After toweling off, I executed a plan for romance by making a late dinner of steak and potatoes with rosemary, and wore red lipstick with no other makeup, Miles's favorite kind of sexy. I pulled on a black sweater dress, and in the kitchen, I lit every candle I could find. After dinner was in the oven, I sat on the center of the island circled by candlelight, with a glass of red wine. Out the back windows, I watched the glimmer of snowbanks under the porch lights and waited for my husband to come home.

“Hey,” he said, stomping the slush off his feet when he finally entered at half past nine. He looked around the kitchen, then back at me. “Everything okay in here? Is the power out?”

“No,” I said. “Candlelight supper. Thought we could have some wine.”

Miles flicked on the lights with an apologetic glance and sorted through the mail. “I'd love that, but I've still got a ton of reading to do. Crazy day in clinic and I haven't even signed off on all my patient records and procedure notes yet. Then there's the investigation, and the grant deadline is next week. Rain check?”

On my tiptoes, I reached up for my husband and wrapped my arms around him, pulling his belly tight against me. I pushed unwanted thoughts of Dean from my mind. “Take a break,” I said. “You need to eat dinner anyway.”

I kissed his cheek; he absently wiped my lipstick off.

I poured him a glass of red wine and topped off my own. Switching the lights back off, I tried to stay enthusiastic about the expectations I had set for the rest of the evening and my decision to attempt to salvage things between us.

“Honey, I really have to finish up my dictations and decipher what's most pressing before my clinic in the morning. Would you be terribly disappointed if I ate in the office so I can wrap things up?”

My temperature rose, then plummeted to a defeated simmer. I told him, “Sure. Eat in your office.”

“Really?” he asked, noting my flat tone.

“I was trying to connect,” I explained.

He squeezed my hand on his way out. “Another night, I promise. I can give you my full attention.”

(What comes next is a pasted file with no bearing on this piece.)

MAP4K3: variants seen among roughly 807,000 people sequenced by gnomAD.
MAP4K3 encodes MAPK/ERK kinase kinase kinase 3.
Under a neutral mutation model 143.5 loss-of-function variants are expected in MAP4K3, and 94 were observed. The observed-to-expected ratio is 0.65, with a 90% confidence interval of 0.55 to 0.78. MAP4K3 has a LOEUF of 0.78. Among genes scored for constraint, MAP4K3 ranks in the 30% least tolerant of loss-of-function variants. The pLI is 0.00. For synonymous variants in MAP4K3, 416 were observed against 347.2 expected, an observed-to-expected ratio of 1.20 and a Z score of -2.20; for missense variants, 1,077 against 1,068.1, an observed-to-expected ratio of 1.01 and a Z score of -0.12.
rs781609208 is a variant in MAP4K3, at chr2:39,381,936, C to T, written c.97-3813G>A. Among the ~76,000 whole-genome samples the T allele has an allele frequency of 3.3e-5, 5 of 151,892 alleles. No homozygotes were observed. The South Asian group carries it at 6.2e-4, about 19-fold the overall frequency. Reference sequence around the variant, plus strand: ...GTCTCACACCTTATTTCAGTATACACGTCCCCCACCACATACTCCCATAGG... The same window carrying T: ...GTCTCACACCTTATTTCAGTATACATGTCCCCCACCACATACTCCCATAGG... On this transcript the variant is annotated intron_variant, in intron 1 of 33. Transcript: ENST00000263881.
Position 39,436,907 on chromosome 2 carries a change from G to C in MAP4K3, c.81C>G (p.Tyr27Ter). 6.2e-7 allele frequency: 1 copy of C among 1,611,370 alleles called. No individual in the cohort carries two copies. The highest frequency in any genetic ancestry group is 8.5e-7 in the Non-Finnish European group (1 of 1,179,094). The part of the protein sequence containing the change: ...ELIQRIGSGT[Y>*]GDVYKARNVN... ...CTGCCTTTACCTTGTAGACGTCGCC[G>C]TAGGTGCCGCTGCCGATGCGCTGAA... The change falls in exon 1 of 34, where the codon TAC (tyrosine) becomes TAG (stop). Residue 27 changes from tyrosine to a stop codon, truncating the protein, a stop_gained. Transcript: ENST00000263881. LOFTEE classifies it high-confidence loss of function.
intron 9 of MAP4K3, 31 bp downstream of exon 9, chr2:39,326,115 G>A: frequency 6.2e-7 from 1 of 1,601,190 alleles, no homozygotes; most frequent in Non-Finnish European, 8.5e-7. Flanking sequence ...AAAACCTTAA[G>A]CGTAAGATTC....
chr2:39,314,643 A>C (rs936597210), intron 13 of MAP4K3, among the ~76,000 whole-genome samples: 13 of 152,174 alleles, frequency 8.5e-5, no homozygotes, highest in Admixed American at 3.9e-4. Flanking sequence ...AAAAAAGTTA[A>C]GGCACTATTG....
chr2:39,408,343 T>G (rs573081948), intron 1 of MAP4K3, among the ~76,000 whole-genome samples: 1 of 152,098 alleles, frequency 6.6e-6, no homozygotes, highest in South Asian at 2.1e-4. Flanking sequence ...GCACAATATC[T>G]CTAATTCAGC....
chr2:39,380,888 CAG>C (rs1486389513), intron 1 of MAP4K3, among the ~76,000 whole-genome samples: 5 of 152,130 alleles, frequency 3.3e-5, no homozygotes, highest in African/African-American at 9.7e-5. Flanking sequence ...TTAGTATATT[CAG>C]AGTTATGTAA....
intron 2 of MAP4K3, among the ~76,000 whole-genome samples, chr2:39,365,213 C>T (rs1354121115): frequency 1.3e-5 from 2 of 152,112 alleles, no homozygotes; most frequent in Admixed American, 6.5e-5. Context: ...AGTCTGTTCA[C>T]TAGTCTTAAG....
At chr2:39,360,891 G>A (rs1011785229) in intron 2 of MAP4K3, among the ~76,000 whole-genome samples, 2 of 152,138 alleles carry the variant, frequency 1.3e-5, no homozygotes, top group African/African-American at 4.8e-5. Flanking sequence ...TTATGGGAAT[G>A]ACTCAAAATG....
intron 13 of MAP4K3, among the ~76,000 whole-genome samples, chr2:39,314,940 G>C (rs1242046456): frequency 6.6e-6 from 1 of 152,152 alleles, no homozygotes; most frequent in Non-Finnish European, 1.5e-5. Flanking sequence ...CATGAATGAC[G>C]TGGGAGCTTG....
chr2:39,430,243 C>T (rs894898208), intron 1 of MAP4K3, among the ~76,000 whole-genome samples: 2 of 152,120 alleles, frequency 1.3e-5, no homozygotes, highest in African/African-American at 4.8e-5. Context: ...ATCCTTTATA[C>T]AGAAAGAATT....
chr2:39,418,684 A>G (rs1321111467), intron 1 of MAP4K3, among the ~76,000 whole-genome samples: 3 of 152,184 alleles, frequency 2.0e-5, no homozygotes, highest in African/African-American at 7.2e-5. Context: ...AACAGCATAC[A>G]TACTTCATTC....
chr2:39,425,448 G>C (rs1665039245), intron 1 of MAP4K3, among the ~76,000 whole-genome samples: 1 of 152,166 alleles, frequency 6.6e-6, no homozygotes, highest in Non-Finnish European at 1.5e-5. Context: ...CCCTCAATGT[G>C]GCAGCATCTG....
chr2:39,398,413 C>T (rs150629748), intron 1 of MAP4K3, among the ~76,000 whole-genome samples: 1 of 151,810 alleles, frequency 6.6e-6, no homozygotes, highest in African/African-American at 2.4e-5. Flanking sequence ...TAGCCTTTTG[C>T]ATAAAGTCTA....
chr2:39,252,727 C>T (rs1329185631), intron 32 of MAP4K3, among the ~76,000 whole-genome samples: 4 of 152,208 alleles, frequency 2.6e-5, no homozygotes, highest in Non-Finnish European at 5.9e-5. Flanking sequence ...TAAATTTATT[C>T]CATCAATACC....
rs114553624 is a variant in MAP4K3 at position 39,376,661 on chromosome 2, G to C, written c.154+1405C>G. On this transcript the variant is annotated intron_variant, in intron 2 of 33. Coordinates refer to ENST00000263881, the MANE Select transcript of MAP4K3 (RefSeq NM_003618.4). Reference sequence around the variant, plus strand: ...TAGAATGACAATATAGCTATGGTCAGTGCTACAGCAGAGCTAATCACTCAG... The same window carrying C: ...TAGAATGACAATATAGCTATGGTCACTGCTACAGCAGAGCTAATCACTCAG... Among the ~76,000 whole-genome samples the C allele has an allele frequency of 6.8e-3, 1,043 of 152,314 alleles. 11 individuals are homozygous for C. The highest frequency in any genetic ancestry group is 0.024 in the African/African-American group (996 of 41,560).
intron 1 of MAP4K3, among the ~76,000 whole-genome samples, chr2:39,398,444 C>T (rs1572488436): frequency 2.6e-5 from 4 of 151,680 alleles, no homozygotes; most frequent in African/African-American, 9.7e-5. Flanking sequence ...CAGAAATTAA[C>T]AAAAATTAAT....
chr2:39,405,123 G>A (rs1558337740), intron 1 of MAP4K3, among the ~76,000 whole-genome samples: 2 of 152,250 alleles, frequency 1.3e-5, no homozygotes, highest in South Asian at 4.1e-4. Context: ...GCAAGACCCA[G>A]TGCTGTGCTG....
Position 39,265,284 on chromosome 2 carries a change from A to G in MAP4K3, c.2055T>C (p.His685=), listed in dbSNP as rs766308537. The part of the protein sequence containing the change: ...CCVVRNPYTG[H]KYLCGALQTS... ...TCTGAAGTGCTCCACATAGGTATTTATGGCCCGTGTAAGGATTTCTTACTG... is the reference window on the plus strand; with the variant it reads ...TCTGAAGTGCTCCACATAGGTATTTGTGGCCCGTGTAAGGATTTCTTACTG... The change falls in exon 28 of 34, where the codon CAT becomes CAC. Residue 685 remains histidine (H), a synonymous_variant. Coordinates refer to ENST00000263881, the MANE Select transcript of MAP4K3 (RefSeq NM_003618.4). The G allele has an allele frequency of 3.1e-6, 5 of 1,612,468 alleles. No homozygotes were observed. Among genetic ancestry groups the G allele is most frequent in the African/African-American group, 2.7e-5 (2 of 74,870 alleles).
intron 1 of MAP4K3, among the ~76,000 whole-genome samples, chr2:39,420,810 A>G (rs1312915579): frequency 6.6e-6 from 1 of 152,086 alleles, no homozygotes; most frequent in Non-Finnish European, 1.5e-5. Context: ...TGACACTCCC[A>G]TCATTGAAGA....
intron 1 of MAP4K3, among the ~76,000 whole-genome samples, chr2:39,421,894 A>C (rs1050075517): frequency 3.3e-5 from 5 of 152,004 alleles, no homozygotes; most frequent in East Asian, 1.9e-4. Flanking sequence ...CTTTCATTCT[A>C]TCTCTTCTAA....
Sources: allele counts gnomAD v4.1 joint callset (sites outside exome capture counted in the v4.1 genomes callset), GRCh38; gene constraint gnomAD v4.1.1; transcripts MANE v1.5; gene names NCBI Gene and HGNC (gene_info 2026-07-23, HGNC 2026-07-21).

“Go.” I pointed to his office door and polished off my drink.

“You sure you're okay?” he asked. “I appreciate dinner.”

“Yup, I'm fine,” I said, but of course I wasn't.

From his office, Miles called out, “Delicious, thank you!”

Alone in the kitchen, after a few bites from a supper I was no longer excited about, I sat Indian-style on the island with a plate in my lap. My efforts seemed foolish, as I watched the candles soften into waxy puddles. Flames flickered near the end of their wicks, and I thought about brightness, how the survival and intensity of a fire is solely dependent upon the oxygen supplied to it.

I recalled the experiment performed in
The
Chemical
History
of
a
Candle: Lecture II—The Brightness of the Flame
, proving Michael Faraday's theory that the outcome of combustion is always water, the atoms of hydrogen changing form, all of it carefully noted and highlighted in the margins of that old book still packed up in the attic. That lecture yielded one of my favorite quotes about the splendor and intensity of the chemistry sustained inside a single flame.

“Is it not beautiful to think that such a process is going on, and that such a dirty thing as charcoal can become so incandescent? You see it comes to this—that all bright flames contain these solid particles; all things that burn and produce solid particles, either during the time they are burning, as in the candle, or immediately after being burnt, as in the case of the gunpowder and iron filings—all these things give us this glorious and beautiful light.”

BOOK: What Burns Away